The Shively blog written on July 23, 2011 featured William Beaser Shively And Wife, Caroline Gould, In Humboldt County, California. The following newspaper article extracted from The Humboldt Times, Thursday, February 11, 1965, Page 15, Column 1 mentions the Shively families in the history.
By Andrew Genzoli
RIO DELL HAS A HISTORY -- On February 16, voters of Rio Dell will make history, when they decide for or against incorporation. A large, busy community, Rio Dell is outgrowing a "hand-to-mouth" existence, and now looks to a dignified permanency.
Rio Dell has a good historical background. Our correspondent, Evelyn McCormick proves this, as she becomes today's "guest columnist".
Rio Dell's Settlers
By Evelyn McCormick
Many changes have taken place in Eagle Prairie since the first which man walked through the gateway in the redwoods in 1850. Prior to that date Indians had walked over its vast meadows and wooded sidehills. After 115 years, its residents have asked for the privilege of voting on incorporation for the proposed city of Rio Dell.
Eagle Prairie came to be known as Rio Del (one "l"). Bordering the Scotia-Rio Dell Bridge, the Italian community was known as Wildwood. Another community of residents between the Blue Slide area and Rio Del was the Bellevue District. During the 1940's all the communities were united, and officially adopted the name of Rio Dell (two "lls").
The first while travelers knew the flat acreage circled by the Eel River as Eagle Prairie. Reddick McKee of the United States Indian Agency came through in 1850. He wrote in his Washington, D. C., Journal that no one resided on Eagle Prairie at that time. McKee was the first to try to open an overland trail from Santa Rosa to the north.
This fertile prairie was described to be an area of humid atmosphere bounded by the Eel River on the north, south and east and only by Indian trails to the west. Explorers to this area came via Grizzly Bluff to Blue Slide.
On July 16, 1853, W. B. Shively of Chico, and his brother, James, claimed 160 acres of land in Eagle Prairie. The claim was made at "eight and one-half o'clock" in the Humboldt County Recorder's office. Lewis K. Wood was recorder. Witnesses to the claim were John L. Young and Thomas Bell. It is recorded in Book A, Page 331.
Shively immediately built a log cabin behind what was later to become Rio Dell House, the site of the old Moore Hotel. The hotel was built in the 1870's.
The new land owner cultivated and sowed the land with oats, barley and potatoes, the latter being the favorite crop of farmers in the Eel River Valley.
The late Mrs. Pearl Corning Croco of Bellview was the granddaughter of W. B. Shively. Shively's wife was Carrie Gould Winemiller (a widow with two sons). She was the daughter of John Bean Gould, an early settler.
In 1856 a man named Kelsey arrived on the prairie. He proposed exploring and marking a wagon road to the Russian River. His companion was Seth Kinman, a well-known Humboldt historical character.
They left Eagle Prairie following the southwest side of the river until passing Colonel Washington Monument on Monument Peak in the Bear River Mountains, southwest of Mount Pierce. Virgin timber and other obstacles in their path compelled them to give up their plans.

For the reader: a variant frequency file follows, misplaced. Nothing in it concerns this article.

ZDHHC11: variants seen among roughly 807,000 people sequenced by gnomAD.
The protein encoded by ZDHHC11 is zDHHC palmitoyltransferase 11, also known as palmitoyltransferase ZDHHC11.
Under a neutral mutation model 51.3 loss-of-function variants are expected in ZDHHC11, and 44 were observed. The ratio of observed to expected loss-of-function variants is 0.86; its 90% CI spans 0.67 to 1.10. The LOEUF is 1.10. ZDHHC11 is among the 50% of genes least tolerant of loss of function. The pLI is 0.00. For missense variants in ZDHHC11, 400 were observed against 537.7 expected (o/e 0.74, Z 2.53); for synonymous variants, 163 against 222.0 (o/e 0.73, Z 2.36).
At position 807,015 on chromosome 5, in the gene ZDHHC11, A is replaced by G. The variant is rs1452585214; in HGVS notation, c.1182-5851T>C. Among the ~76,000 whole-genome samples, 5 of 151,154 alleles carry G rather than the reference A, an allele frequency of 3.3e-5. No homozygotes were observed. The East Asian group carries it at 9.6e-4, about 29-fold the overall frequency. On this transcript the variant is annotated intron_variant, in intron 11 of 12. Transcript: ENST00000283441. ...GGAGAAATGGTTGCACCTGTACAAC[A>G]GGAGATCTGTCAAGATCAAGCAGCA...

W. J. Sweasey and his party arrived in Eagle Prairie in 1856. They reported the prairie settlement was the first white settlement they had encountered since leaving Healdsburg. They had used an overland rail to the present site of Fort Seward.
At Fort Seward they built a raft of redwood logs and ferried down the river, fording shallow places several times until arriving at Eagle Prairie. The wagons carried on the raft were the first ones to come to Humboldt County on the south.
In 1860 Indians caused some trouble to the settlers. They were moved to Hoopa that same year. Shively, who helped to round up the Indians, adopted two of their children and raised them to adulthood. The Wiyot (Weott) Tribe's territory terminated on the southern border of the prairie. Local mountains separated these Indians from the less-cultured Indians to the south.
Between 1862 and 1864, the Indians drifted back to this area. According to Ferndale Enterprise of September 17, 1864, the Shively family was burned out by Indians who set fire to their grain fields.
W. B. Shively's daughter, Abbie, was reported to be the first white child born on the prairie. A son, Dan, was born to the couple in 1867. In 1868 the Shively family moved to Bluff Prairie (now Shively, named in the early settler's honor).
A deed dated November 5, 1864, shows that James A. Harris settled in Eagle Prairie. His wife was Abbie Gould, a sister of Mrs. W. B. Shively.
By 1865 the Indian situation had improved and a wagon road welcomed settlers to the area. A William Duckett from Michigan was an Eagle Prairie farmer at this time.
During the 1860's and 1870's the area began to grow. By 1873, Azel A. Fuller of Massachusetts owned 320 acres on the prairie. An Oregon settler, Archibald Crisman, also owned 320 acres here. A Humboldt Times, dated January 22, 1876, told of Crisman's developing a vein of coal in the bluffs opposite the lower part of Eagle Prairie. The vein was reported as of long quantity and questionable quality. Max Crisman (a grandson of Crisman) resides in Belleview today.
Hiram W. Dean filed for 160 acres of government land on the south end of Eagle Prairie, later called the Wildwood Tract. Rio Dell's Dean Creek was named for him. His original house (two story) later called the Old Brown House and more recently called the Storybook House, still stand on Orchard Road.
The era of Lorenzo D. Painter began in 1879 when he began building the city of "Rio Del", later changed to "Rio Dell".
Whether or not Rio Dell steps into a new era, that of an incorporated city, will be decided by the voters at next Tuesday's election, it still has a good chapter of Humboldt history.